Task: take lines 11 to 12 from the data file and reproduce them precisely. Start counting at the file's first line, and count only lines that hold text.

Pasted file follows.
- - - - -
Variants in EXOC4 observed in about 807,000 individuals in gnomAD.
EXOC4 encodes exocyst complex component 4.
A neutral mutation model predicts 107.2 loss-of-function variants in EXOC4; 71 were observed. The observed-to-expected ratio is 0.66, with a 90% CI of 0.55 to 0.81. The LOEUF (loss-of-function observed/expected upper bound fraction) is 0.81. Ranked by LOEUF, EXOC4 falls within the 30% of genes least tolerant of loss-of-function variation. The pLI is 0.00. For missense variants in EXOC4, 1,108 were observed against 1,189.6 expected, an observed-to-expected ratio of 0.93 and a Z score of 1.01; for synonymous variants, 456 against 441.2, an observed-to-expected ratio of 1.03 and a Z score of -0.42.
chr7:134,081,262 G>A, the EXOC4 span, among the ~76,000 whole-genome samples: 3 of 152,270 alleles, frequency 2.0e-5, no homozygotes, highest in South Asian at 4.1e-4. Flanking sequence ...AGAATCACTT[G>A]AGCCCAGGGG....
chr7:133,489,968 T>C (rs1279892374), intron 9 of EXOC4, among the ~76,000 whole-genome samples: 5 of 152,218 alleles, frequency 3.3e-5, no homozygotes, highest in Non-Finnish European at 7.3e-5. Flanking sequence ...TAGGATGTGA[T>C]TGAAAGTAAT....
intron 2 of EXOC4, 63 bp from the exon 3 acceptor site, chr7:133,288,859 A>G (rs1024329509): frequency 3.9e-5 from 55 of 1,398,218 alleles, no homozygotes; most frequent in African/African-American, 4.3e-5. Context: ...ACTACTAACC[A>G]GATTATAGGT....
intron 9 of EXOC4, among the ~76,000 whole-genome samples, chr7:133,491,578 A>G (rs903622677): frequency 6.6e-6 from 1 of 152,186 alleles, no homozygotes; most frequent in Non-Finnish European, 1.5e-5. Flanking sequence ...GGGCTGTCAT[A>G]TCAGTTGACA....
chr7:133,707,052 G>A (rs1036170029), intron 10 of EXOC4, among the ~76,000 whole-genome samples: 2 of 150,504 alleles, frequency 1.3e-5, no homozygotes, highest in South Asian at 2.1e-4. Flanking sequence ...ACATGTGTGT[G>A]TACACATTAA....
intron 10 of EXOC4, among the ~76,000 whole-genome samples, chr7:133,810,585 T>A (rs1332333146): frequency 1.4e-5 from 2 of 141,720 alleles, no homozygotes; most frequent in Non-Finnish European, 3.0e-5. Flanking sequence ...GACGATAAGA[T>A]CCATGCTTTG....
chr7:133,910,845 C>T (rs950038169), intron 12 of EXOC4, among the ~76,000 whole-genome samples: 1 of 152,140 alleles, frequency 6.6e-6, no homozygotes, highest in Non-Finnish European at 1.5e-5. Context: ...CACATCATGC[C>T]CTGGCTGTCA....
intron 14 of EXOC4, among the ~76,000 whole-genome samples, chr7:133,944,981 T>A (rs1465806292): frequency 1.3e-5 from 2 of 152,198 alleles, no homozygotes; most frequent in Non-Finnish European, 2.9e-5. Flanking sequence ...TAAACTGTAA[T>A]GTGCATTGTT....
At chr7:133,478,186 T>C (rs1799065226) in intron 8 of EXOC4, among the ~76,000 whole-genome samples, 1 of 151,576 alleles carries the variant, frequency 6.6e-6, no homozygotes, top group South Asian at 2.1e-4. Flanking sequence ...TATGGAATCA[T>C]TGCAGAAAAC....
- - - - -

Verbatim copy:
intron 14 of EXOC4, among the ~76,000 whole-genome samples, chr7:133,944,981 T>A (rs1465806292): frequency 1.3e-5 from 2 of 152,198 alleles, no homozygotes; most frequent in Non-Finnish European, 2.9e-5. Flanking sequence ...TAAACTGTAA[T>A]GTGCATTGTT....
At chr7:133,478,186 T>C (rs1799065226) in intron 8 of EXOC4, among the ~76,000 whole-genome samples, 1 of 151,576 alleles carries the variant, frequency 6.6e-6, no homozygotes, top group South Asian at 2.1e-4. Flanking sequence ...TATGGAATCA[T>C]TGCAGAAAAC....